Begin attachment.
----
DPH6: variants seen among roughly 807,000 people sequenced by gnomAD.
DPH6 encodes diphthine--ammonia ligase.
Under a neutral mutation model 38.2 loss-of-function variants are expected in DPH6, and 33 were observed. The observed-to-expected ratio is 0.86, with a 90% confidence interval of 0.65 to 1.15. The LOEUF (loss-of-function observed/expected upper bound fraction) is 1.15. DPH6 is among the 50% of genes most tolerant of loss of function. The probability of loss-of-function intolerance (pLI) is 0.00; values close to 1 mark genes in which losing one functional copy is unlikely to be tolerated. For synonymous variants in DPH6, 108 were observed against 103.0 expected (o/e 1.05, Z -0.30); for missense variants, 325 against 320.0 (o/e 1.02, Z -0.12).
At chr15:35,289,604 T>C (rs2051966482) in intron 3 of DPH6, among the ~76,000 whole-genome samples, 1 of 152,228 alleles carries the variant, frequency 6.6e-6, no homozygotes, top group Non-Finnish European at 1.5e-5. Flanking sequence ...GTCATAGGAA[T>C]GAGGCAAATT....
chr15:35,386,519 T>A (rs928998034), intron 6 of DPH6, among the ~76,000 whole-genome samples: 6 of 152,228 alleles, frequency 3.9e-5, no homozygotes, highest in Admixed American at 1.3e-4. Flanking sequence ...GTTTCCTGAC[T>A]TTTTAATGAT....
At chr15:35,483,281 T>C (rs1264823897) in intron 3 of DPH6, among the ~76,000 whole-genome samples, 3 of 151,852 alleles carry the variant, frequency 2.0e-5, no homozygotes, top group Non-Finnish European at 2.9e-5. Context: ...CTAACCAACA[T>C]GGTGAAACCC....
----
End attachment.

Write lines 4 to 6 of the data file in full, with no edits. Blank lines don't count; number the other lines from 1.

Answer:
At chr15:35,289,604 T>C (rs2051966482) in intron 3 of DPH6, among the ~76,000 whole-genome samples, 1 of 152,228 alleles carries the variant, frequency 6.6e-6, no homozygotes, top group Non-Finnish European at 1.5e-5. Flanking sequence ...GTCATAGGAA[T>C]GAGGCAAATT....
chr15:35,386,519 T>A (rs928998034), intron 6 of DPH6, among the ~76,000 whole-genome samples: 6 of 152,228 alleles, frequency 3.9e-5, no homozygotes, highest in Admixed American at 1.3e-4. Flanking sequence ...GTTTCCTGAC[T>A]TTTTAATGAT....
At chr15:35,483,281 T>C (rs1264823897) in intron 3 of DPH6, among the ~76,000 whole-genome samples, 3 of 151,852 alleles carry the variant, frequency 2.0e-5, no homozygotes, top group Non-Finnish European at 2.9e-5. Context: ...CTAACCAACA[T>C]GGTGAAACCC....